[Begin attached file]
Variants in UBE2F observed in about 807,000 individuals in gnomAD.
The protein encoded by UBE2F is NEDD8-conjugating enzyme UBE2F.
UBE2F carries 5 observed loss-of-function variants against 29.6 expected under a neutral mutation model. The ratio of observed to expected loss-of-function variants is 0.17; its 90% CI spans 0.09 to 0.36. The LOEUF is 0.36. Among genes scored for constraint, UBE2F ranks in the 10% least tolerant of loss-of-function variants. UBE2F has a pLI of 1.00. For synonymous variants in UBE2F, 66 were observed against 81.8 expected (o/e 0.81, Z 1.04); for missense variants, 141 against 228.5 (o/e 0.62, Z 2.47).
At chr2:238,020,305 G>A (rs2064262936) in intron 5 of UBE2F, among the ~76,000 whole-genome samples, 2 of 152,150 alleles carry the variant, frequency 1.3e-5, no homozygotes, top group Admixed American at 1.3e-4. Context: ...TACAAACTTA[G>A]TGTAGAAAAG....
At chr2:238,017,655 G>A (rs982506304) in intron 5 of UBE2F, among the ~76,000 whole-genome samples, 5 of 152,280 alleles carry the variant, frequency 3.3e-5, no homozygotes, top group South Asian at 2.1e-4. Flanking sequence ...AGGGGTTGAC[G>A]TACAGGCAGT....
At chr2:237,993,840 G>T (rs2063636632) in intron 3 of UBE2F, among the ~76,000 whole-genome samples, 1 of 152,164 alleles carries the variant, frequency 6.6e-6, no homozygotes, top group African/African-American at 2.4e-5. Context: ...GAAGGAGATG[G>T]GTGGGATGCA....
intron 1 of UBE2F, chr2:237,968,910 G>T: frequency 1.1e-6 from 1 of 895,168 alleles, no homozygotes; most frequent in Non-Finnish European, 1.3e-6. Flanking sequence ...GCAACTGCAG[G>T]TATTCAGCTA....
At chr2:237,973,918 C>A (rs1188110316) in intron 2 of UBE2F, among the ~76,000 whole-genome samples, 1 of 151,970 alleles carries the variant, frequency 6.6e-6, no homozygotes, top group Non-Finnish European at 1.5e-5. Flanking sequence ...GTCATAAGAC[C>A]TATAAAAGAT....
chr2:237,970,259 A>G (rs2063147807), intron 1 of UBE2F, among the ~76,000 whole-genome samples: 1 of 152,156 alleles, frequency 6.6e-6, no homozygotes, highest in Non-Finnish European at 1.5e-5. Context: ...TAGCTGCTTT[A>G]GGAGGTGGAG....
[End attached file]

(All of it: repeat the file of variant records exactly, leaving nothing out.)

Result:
Variants in UBE2F observed in about 807,000 individuals in gnomAD.
The protein encoded by UBE2F is NEDD8-conjugating enzyme UBE2F.
UBE2F carries 5 observed loss-of-function variants against 29.6 expected under a neutral mutation model. The ratio of observed to expected loss-of-function variants is 0.17; its 90% CI spans 0.09 to 0.36. The LOEUF is 0.36. Among genes scored for constraint, UBE2F ranks in the 10% least tolerant of loss-of-function variants. UBE2F has a pLI of 1.00. For synonymous variants in UBE2F, 66 were observed against 81.8 expected (o/e 0.81, Z 1.04); for missense variants, 141 against 228.5 (o/e 0.62, Z 2.47).
At chr2:238,020,305 G>A (rs2064262936) in intron 5 of UBE2F, among the ~76,000 whole-genome samples, 2 of 152,150 alleles carry the variant, frequency 1.3e-5, no homozygotes, top group Admixed American at 1.3e-4. Context: ...TACAAACTTA[G>A]TGTAGAAAAG....
At chr2:238,017,655 G>A (rs982506304) in intron 5 of UBE2F, among the ~76,000 whole-genome samples, 5 of 152,280 alleles carry the variant, frequency 3.3e-5, no homozygotes, top group South Asian at 2.1e-4. Flanking sequence ...AGGGGTTGAC[G>A]TACAGGCAGT....
At chr2:237,993,840 G>T (rs2063636632) in intron 3 of UBE2F, among the ~76,000 whole-genome samples, 1 of 152,164 alleles carries the variant, frequency 6.6e-6, no homozygotes, top group African/African-American at 2.4e-5. Context: ...GAAGGAGATG[G>T]GTGGGATGCA....
intron 1 of UBE2F, chr2:237,968,910 G>T: frequency 1.1e-6 from 1 of 895,168 alleles, no homozygotes; most frequent in Non-Finnish European, 1.3e-6. Flanking sequence ...GCAACTGCAG[G>T]TATTCAGCTA....
At chr2:237,973,918 C>A (rs1188110316) in intron 2 of UBE2F, among the ~76,000 whole-genome samples, 1 of 151,970 alleles carries the variant, frequency 6.6e-6, no homozygotes, top group Non-Finnish European at 1.5e-5. Flanking sequence ...GTCATAAGAC[C>A]TATAAAAGAT....
chr2:237,970,259 A>G (rs2063147807), intron 1 of UBE2F, among the ~76,000 whole-genome samples: 1 of 152,156 alleles, frequency 6.6e-6, no homozygotes, highest in Non-Finnish European at 1.5e-5. Context: ...TAGCTGCTTT[A>G]GGAGGTGGAG....